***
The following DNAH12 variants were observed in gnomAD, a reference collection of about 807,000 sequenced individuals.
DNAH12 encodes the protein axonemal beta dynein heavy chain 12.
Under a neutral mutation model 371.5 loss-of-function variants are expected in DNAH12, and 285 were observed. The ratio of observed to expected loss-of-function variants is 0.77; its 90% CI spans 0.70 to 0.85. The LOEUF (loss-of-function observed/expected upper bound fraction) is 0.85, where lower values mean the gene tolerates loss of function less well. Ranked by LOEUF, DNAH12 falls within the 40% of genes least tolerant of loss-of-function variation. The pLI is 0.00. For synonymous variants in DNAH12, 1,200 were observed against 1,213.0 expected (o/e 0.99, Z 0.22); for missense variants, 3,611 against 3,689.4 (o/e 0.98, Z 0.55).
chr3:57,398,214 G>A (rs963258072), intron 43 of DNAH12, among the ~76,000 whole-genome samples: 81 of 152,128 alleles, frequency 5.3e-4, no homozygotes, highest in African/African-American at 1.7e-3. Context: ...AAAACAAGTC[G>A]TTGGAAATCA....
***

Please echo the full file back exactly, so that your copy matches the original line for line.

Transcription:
The following DNAH12 variants were observed in gnomAD, a reference collection of about 807,000 sequenced individuals.
DNAH12 encodes the protein axonemal beta dynein heavy chain 12.
Under a neutral mutation model 371.5 loss-of-function variants are expected in DNAH12, and 285 were observed. The ratio of observed to expected loss-of-function variants is 0.77; its 90% CI spans 0.70 to 0.85. The LOEUF (loss-of-function observed/expected upper bound fraction) is 0.85, where lower values mean the gene tolerates loss of function less well. Ranked by LOEUF, DNAH12 falls within the 40% of genes least tolerant of loss-of-function variation. The pLI is 0.00. For synonymous variants in DNAH12, 1,200 were observed against 1,213.0 expected (o/e 0.99, Z 0.22); for missense variants, 3,611 against 3,689.4 (o/e 0.98, Z 0.55).
chr3:57,398,214 G>A (rs963258072), intron 43 of DNAH12, among the ~76,000 whole-genome samples: 81 of 152,128 alleles, frequency 5.3e-4, no homozygotes, highest in African/African-American at 1.7e-3. Context: ...AAAACAAGTC[G>A]TTGGAAATCA....